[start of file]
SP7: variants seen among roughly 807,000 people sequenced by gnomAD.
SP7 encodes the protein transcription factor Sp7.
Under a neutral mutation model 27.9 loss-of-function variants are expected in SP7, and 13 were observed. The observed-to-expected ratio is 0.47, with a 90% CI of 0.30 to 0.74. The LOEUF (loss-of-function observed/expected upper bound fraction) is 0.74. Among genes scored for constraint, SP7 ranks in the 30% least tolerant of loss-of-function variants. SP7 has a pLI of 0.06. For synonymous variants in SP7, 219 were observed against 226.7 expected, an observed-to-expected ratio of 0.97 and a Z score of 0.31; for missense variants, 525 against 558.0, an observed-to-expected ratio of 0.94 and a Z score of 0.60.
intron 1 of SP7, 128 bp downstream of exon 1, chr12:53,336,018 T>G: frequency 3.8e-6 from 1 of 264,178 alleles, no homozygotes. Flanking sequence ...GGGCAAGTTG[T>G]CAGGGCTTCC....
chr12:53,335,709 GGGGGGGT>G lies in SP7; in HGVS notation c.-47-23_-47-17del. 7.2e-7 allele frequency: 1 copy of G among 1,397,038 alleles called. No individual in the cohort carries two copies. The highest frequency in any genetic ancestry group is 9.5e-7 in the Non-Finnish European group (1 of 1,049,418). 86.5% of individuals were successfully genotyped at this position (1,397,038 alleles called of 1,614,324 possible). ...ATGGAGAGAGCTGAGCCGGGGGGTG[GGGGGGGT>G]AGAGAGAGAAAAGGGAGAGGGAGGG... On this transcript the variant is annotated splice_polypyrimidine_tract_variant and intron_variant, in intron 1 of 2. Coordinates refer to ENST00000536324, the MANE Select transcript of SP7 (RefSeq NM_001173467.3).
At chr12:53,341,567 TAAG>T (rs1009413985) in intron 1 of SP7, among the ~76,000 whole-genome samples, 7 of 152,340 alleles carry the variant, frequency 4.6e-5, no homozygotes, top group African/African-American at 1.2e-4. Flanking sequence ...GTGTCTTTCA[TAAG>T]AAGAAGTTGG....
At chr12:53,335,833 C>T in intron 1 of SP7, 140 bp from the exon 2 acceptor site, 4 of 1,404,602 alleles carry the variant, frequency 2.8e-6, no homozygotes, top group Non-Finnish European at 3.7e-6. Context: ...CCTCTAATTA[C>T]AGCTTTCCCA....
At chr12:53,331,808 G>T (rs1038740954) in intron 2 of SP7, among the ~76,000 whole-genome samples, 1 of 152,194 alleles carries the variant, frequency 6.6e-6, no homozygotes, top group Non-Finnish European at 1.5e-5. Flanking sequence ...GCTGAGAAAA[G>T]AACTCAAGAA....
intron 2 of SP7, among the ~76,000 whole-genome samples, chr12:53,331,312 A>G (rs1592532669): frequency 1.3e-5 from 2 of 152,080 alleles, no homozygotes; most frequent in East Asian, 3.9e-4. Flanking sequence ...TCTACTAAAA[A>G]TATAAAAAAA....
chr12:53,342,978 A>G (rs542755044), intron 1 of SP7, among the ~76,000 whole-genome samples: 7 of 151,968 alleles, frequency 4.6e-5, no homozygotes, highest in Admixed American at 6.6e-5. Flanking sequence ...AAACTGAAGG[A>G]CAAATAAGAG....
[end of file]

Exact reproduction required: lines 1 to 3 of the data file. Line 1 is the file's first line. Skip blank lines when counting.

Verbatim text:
SP7: variants seen among roughly 807,000 people sequenced by gnomAD.
SP7 encodes the protein transcription factor Sp7.
Under a neutral mutation model 27.9 loss-of-function variants are expected in SP7, and 13 were observed. The observed-to-expected ratio is 0.47, with a 90% CI of 0.30 to 0.74. The LOEUF (loss-of-function observed/expected upper bound fraction) is 0.74. Among genes scored for constraint, SP7 ranks in the 30% least tolerant of loss-of-function variants. SP7 has a pLI of 0.06. For synonymous variants in SP7, 219 were observed against 226.7 expected, an observed-to-expected ratio of 0.97 and a Z score of 0.31; for missense variants, 525 against 558.0, an observed-to-expected ratio of 0.94 and a Z score of 0.60.